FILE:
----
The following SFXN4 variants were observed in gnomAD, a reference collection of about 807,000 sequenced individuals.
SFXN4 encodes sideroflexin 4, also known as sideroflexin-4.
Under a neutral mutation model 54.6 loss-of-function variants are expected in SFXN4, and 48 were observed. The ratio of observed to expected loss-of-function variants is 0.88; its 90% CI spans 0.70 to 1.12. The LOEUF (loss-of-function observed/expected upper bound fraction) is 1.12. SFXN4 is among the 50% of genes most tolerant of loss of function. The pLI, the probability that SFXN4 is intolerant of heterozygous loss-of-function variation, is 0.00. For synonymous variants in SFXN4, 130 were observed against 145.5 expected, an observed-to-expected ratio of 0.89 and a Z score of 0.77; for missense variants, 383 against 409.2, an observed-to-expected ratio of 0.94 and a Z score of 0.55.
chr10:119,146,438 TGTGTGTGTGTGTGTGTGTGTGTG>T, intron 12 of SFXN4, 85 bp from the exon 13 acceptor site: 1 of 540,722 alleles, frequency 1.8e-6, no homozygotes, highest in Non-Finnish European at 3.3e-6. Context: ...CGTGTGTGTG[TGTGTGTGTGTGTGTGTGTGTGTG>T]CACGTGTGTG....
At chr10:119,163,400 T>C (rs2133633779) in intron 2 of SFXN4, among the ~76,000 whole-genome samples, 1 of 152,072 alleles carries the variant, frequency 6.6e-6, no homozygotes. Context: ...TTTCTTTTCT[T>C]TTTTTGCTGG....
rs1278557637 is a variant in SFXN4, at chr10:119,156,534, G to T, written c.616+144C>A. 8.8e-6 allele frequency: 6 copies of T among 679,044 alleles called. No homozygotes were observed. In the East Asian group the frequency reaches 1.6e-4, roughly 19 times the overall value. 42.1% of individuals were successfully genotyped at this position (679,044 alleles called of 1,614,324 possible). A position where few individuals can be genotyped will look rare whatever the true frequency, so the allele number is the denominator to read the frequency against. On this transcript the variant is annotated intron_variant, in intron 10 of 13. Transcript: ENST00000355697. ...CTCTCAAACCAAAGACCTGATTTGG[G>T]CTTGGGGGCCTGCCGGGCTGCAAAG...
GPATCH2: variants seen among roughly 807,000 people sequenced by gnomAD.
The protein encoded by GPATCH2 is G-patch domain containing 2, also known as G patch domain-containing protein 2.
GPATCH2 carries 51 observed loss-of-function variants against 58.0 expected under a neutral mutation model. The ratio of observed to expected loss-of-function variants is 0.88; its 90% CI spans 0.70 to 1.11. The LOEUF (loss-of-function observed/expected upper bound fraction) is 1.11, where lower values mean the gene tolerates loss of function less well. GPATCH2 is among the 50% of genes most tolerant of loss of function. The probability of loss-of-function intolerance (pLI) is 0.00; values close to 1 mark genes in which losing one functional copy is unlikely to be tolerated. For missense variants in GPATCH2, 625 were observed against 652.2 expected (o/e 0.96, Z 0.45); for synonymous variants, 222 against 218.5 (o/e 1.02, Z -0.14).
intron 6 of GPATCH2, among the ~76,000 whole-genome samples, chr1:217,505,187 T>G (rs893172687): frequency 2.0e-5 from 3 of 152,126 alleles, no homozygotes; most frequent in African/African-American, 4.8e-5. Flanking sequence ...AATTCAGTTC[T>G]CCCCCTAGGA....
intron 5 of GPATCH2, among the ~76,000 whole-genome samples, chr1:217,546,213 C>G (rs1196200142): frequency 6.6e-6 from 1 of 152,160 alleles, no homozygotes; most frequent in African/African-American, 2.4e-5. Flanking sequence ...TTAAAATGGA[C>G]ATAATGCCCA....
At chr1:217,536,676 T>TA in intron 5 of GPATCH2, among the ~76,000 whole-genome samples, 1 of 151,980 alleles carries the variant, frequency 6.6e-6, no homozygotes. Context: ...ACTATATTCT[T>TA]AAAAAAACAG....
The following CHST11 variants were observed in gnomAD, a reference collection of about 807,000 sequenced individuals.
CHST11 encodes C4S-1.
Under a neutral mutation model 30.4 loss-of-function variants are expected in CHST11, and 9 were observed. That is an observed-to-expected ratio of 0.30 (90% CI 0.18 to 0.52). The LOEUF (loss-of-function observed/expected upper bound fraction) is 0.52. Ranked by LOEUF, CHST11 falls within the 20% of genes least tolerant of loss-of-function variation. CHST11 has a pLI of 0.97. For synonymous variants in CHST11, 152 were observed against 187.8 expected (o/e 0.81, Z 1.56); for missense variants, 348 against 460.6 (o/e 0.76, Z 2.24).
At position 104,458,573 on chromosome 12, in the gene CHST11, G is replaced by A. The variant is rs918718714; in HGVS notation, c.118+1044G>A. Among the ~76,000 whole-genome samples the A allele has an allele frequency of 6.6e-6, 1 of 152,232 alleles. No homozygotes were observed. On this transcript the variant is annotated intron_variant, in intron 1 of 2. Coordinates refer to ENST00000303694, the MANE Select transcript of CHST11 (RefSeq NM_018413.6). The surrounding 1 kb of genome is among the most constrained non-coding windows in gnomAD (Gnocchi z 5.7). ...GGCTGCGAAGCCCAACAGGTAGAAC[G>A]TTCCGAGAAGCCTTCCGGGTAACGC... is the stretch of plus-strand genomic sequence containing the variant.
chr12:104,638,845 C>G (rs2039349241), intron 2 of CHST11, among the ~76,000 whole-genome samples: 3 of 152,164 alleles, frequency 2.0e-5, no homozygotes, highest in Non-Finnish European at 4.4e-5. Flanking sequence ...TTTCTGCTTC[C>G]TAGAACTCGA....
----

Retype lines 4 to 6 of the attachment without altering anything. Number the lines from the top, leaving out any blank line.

chr10:119,146,438 TGTGTGTGTGTGTGTGTGTGTGTG>T, intron 12 of SFXN4, 85 bp from the exon 13 acceptor site: 1 of 540,722 alleles, frequency 1.8e-6, no homozygotes, highest in Non-Finnish European at 3.3e-6. Context: ...CGTGTGTGTG[TGTGTGTGTGTGTGTGTGTGTGTG>T]CACGTGTGTG....
At chr10:119,163,400 T>C (rs2133633779) in intron 2 of SFXN4, among the ~76,000 whole-genome samples, 1 of 152,072 alleles carries the variant, frequency 6.6e-6, no homozygotes. Context: ...TTTCTTTTCT[T>C]TTTTTGCTGG....
rs1278557637 is a variant in SFXN4, at chr10:119,156,534, G to T, written c.616+144C>A. 8.8e-6 allele frequency: 6 copies of T among 679,044 alleles called. No homozygotes were observed. In the East Asian group the frequency reaches 1.6e-4, roughly 19 times the overall value. 42.1% of individuals were successfully genotyped at this position (679,044 alleles called of 1,614,324 possible). A position where few individuals can be genotyped will look rare whatever the true frequency, so the allele number is the denominator to read the frequency against. On this transcript the variant is annotated intron_variant, in intron 10 of 13. Transcript: ENST00000355697. ...CTCTCAAACCAAAGACCTGATTTGG[G>T]CTTGGGGGCCTGCCGGGCTGCAAAG...